Monahan’s goal in OT leads Flames over Canadiens
MONTREAL — When Calgary Flames forward Johnny Gaudreau gets the puck in overtime, his teammates know there’s a good chance they are going to see something special.
He didn’t disappoint on Thursday, setting up Sean Monahan for his second goal of the game at 1:14 of overtime to give the Flames a 3-2 win against the Montreal Canadiens, ending Calgary’s three-game losing streak.
Garnet Hathaway scored his first of the season for the Flames (15-12-2) and goaltender David Rittich, making the second start of his career, made 35 saves.
Daniel Carr (second goal of the season) and Phillip Danault (fifth) scored for the Canadiens (13-13-4) and Carey Price made 34 saves as the Canadiens lost their second game in a row.
“If you watch the bench when Johnny had the puck going down, the whole bench stood up,” said Hathaway, whose controversial first goal of the season had tied the game 2-2. “You know Johnny is going to make a play and (Monahan) doesn’t miss from there.”
Gaudreau showed a lot of patience on the right wing as Calgary defenseman TJ Brodie drove for the net and Monahan popped into the top of the slot. He took Gaudreau’s pass and put in the top corner on the stick side for his 25th game-winning goal.
“When that play was going on, I’m just hoping that Johnny is going to make the play over to TJ, I believe I was and I was ‘C’mon, make it, make it, make it,’” Flames coach Glen Gulutzan said. “All of sudden (Monahan) out of nowhere is there and I’m like, ‘okay, that’s better,’ and then it goes in. You can’t give him that much time in the slot. He’s so lethal there.”
The Flames are 6-2 in overtime this season and played beyond regulation time for the second night in a row after losing 2-1 in a shootout to the Toronto Maple Leafs on Wednesday. The Flames finished their two-game road trip with three out of four points. It was their third win in their past nine games (3-4-2).
“When we get to OT, we’re confident and I think we showed that again tonight. It’s a big win,” said Monahan, who sensed something good was going to happen when Gaudreau got the puck. “It’s nice to see when he has the puck coming down the wing there and there’s no one behind. Johnny is a great player and it’s always a treat to be out there with him.”
“At the end of the day, those guys, even if you don’t see them much, they don’t need much to make something happen,” Canadiens coach Claude Julien said. “That’s what you saw from those guys. They still managed to get a couple of goals and it wasn’t because they dominated against the players they were playing against. Whenever they got an opportunity, they made the most of it.”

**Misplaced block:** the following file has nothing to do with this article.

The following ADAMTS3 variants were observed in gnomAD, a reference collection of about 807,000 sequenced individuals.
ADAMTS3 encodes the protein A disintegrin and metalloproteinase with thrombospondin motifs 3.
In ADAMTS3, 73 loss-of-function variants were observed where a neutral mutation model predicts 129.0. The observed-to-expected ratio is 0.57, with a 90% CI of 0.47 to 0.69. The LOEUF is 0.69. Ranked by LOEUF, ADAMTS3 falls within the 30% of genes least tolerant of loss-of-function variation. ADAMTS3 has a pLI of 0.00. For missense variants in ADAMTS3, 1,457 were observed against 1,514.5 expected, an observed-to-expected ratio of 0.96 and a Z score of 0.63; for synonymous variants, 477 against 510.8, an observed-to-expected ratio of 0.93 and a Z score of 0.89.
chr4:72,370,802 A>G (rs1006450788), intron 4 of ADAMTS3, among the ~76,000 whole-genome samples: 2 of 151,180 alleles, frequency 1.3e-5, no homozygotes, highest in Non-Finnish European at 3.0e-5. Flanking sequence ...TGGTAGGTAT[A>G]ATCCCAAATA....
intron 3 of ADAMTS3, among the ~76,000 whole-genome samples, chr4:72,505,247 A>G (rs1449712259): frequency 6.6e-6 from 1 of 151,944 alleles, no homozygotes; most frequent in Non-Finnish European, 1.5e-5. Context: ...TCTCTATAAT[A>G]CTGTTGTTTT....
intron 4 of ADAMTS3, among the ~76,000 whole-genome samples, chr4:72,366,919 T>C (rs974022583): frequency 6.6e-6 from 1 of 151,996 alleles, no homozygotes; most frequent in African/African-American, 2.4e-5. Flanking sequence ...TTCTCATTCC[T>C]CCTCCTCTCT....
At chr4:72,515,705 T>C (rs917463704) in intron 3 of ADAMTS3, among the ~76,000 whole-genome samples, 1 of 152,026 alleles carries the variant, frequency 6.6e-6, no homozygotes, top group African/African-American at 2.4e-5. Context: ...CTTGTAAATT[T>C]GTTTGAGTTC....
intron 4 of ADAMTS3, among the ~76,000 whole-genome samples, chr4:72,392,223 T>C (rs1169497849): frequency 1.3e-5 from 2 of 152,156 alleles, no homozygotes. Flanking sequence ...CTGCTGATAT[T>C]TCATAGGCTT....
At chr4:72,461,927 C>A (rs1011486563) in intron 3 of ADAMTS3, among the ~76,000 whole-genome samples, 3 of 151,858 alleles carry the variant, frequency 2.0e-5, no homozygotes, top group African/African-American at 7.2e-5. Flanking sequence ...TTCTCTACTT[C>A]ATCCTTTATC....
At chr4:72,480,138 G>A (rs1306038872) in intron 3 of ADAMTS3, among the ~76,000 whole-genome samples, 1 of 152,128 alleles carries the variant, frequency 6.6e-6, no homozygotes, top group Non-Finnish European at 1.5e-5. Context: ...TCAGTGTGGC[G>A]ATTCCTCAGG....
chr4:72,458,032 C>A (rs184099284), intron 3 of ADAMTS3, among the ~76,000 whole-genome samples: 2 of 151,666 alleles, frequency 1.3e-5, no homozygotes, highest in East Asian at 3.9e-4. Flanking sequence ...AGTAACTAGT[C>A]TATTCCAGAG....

Carr and Danault gave the Canadiens a 2-1 lead after two periods. Monahan opened the scoring with his 16th of the season in the first period.
Hathaway and his linemates on the fourth line, Sam Bennett and Mark Jankowski, buzzed around the Montreal net before Hathaway was credited with the goal that tied it 2-2 at 7:49 of the third period.
Hathaway dug at the puck and both the puck and Price wound up in the net. Referee Steve Kozari waved the goal off and announced there was incidental contact with Price.
Gulutzan then used his coach’s challenge, claiming there was no goalie interference. After reviewing the play, Kozari announced it was a goal.
“We were looking at it right away,” Gulutzan said, crediting video coach Jamie Pringle for pushing for the challenge. “Right way, we were, ‘that’s a goal.’ We wanted to let them make their call and when they came over, when (referee Chris Rooney) came over, I asked what’s the call on the ice — I wanted to make sure there was no whistle infractions, the whistle went or anything like that — and he said call on the ice was goalie interference, and we knew right away that puck was in early, so we challenged it.”
Julien chose to look at the circumstances leading up to the goal.
“We lost a lot of battles along the wall, around the net area and that’s what cost us the goal,” he said. “This is what we have to get better at. It’s an ongoing thing with our team to get better in those areas.”
Price, 5-2-0 since returning after missing 10 games with a lower-body injury, credited the Flames.
“I thought we played a pretty good game tonight. We did a lot of good things,” he said. “That team over there was resilient. Their goaltender played well for them and they found a way to win.”
Rittich, a 25-year-old native of the Czech Republic whose idol is Canadiens great Patrick Roy, picked up his second career win.
“That kid is a fantastic kid,” Gulutzan said. “He’s a battler and that’s what you need in these back-to-backs. I’m really happy for him. We did a good job, but he made some big saves. A guy puts in that much work, you’re happy for him.”
NOTES: Calgary LW Matthew Tkachuk sat out against Montreal on Thursday as he served a one-game suspension for unsportsmanlike conduct against the Toronto Maple Leafs on Wednesday in the Flames’ 2-1 shootout loss. Tkachuk poked at Toronto forward Matt Martin with his stick from the bench. Tkachuk forfeited $11,280.49. ... Calgary RW Jaromir Jagr missed his second game in a row after aggravating a lower body injury he sustained Nov. 25. ... Montreal C Jonathan Drouin, recovered from his lower-body injury after missing three games, did not play against the Flames because of illness. ... Also injured for the Canadiens were RW Ales Hemsky (concussion), LW Artturi Lehkonen (lower body), G Al Montoya (concussion) and RW Nikita Scherbak (knee). ... Canadiens D Victor Mete, 19, was scratched for the third time in eight games and is a candidate to be sent to play for Canada at the World Junior Championship Dec. 26-Jan. 5 in Buffalo.